Why Nokia's Android snub is a big mistake

August 9, 2010: 4:54 PM ET

The handset maker is banking its future on its new MeeGo OS. But success would come much easier if it just gave Google some love.

In a market nowadays dominated by Google's Android, Apple's iOS, and BlackBerry OS, it's pretty easy to overlook Nokia. The cell phone giant, which made a name for itself in the 1990s and early 2000s with striking cell phone designs has seen its global majority market share steadily decline, raising questions about how it (if at all) will make a comeback.

One simple solution would be to copy another one-time tech giant – Motorola – and hand off the software side of its business to Google and just concentrate on making incredible hardware. But that doesn't seem to get the pulses racing in Finland. Instead, the company is determined to double-down on its now aging strategy.

In an interview last week, Niklas Savander, Executive VP of Nokia's Markets, argued that adopting Android would effectively outsource Nokia's "destiny." Nokia (NOKBF) would have no way to add value to the Google platform, therefore it won't even consider using the free and fast-growing OS. Instead, like a beaten-down horoscope reader, Nokia continues to believe that it must continue down the current path toward its destiny. That means relying on an open-source Linux-based OS called MeeGo that will power new smartphones, like the oft-rumored N9, when they begin emerging later this year.

Of those, only the latter is probably worth keeping. The others are double-down betting on a strategy that has yet to excite app developers or consumers.

Clearly, Nokia wants to remain in the same league as RIM (RIMM) and Apple (AAPL), which develop both hardware and software. Makes sense: having ownership over both can be extremely lucrative and, theoretically, enable a better-working machine. But that situation only works when people want both the hardware and the software.  Have you heard many people swapping stories about mind-blowing MeeGo apps?To be fair, Nokia only released its early developer build of MeeGo in June. But the app-based OS starts off with a distinct disadvantage. It is several years behind Apple and Google and even RIM, which has been late to realize the new "app-or-bust" smartphone reality. Plus, when a final version hits, MeeGo will likely go toe-to-toe with Windows 7 phones, due out circa holiday 2010, and what ever webOS device HP (HPQ) eventually cooks up.

As AT&T mobility and consumer markets president and CEO Ralph De La Vega pointed out during the Brainstorm Tech conference, there's only so much room for competing mobile OSes -- and Nokia is charging into an already crowded space.

Savander's argument that the company could not add value to Android also doesn't hold. With Google's (GOOG) Android OS, Nokia would have the luxury of working with a free, established open-source mobile OS that allows for nearly limitless options, including tweaks to the OS's appearance and underpinnings. HTC already does that with its successful Sense interface. Other companies have figured out way to use open source to drive growth, most famously IBM (IBM), which has refashioned its entire $37.3 billion Global Technology Services business out of making open source work.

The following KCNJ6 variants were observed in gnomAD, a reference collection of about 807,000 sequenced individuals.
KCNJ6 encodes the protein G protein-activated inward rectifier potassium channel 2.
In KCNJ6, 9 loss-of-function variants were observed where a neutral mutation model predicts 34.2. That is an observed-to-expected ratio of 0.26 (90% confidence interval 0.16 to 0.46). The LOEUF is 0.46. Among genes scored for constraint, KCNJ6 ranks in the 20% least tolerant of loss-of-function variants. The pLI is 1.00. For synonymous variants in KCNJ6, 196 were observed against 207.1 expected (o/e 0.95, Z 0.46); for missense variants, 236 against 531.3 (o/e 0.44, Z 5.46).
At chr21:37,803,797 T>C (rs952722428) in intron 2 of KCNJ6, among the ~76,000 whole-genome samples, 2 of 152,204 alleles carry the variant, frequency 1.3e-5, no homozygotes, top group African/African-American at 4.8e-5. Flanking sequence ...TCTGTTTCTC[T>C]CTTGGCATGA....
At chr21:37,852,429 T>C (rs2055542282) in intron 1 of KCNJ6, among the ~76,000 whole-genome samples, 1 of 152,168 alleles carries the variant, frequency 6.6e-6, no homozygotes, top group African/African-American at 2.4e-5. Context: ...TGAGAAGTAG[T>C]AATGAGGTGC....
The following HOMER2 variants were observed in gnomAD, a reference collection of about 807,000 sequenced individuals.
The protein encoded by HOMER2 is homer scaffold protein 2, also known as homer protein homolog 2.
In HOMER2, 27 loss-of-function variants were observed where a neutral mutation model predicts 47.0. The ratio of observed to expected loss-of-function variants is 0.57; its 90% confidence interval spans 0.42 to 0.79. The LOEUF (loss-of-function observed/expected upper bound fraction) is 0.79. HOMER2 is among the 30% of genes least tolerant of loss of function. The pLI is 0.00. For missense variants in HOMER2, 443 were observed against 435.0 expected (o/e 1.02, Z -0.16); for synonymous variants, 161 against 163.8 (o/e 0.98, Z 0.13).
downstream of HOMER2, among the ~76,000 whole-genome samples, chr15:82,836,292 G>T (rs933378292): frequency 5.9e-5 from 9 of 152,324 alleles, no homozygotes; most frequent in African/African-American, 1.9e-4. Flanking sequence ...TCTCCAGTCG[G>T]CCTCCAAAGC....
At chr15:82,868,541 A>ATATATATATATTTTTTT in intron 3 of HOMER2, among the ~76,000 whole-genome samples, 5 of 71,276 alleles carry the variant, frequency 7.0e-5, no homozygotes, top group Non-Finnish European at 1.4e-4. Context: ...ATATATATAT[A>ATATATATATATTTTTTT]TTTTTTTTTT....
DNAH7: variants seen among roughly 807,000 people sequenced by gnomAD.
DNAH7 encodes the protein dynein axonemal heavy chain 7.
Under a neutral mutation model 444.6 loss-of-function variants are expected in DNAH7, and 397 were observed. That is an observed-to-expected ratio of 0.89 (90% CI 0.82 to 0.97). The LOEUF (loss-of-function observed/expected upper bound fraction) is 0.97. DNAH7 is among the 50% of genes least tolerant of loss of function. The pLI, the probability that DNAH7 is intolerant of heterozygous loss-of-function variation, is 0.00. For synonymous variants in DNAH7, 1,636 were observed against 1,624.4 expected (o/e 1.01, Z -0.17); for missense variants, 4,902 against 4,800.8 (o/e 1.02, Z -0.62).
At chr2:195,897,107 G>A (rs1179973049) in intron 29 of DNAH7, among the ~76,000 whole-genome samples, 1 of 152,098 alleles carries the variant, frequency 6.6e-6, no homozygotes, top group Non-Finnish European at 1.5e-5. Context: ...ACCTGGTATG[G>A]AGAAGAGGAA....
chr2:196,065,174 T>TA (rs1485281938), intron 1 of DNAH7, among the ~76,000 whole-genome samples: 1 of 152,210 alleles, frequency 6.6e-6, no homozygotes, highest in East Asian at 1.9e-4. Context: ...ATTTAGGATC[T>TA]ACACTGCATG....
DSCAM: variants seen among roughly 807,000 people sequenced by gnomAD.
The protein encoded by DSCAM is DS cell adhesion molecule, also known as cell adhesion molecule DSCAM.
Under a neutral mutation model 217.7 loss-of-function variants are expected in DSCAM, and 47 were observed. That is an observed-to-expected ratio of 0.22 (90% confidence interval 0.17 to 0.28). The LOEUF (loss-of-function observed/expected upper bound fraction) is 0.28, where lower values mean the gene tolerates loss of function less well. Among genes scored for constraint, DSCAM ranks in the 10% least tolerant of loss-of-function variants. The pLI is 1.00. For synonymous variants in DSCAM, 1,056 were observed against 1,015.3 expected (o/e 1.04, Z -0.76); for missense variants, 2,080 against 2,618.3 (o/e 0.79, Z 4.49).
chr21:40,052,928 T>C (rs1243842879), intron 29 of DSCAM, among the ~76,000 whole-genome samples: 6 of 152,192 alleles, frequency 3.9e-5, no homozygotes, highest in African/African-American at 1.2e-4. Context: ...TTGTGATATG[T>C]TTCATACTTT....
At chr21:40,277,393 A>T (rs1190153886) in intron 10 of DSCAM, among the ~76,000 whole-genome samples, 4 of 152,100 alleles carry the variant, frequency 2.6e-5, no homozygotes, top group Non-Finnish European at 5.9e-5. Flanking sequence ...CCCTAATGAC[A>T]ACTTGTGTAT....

And that brings us back to Motorola (MOT), the company that Savander should be looking to as what to do right. In the last two years, Motorola dropped its own Linux-based smartphone OS and Windows Mobile in favor of Android. It got in touch with its Razr roots and went on to develop hardware that consumers craved. The company's second quarter sales of $5.4 billion beat estimates, due in no small part to the Droid and Droid X.

Creating a Nokia-friendly skin for Android would allow the company to allocate more resources to its real strength -- hardware -- and get stellar products to market faster. And in making the big leap to Android, the move could transform Nokia's image from mobile "has-been" to resurrected contender, something which RIM failed to accomplish with its BlackBerry 6 OS and BlackBerry Torch launch. Instead, Nokia's future now depends entirely on the following:

  • The critical and public acceptance of a new, unproven OS in a market already saturated with millions of Android, iOS, and BlackBerry OS-loaded phones.
  • Heavy promotion from carriers. This could be a particular challenge for the manufacturer, which has admitted that establishing relationships with domestic carriers will be a challenge. (As an example of what can happen when a carrier gives up on an OS, see Verizon's Palm Pre.)
  • Developer support. Will third-party developers, who have enough options to develop for -- and worry about -- want to devote resources to yet another OS? (Some developers have expressed early concerns about MeeGo's viability on message boards.)

Regardless, Nokia has work to do, and a lot to prove, in the months and years ahead. But if the company had tied its wagon to Android -- or heck, even Windows Mobile 7 -- its success would be more assured.

Update: In an earlier draft, we referred to Motorola's $5.4 billion as earnings, however that figure applies to the manufacturer's sales.

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About This Author
JP Mangalindan
JP Mangalindan
Writer, Fortune

JP Mangalindan is a San Francisco-based writer at Fortune, covering Silicon Valley. Since joining in 2010, he has written on a wide array of topics, from the turnaround of eBay to the evolution of net neutrality. A graduate of Fordham University, Mangalindan has also written for GQ, Popular Science, and Entertainment Weekly.

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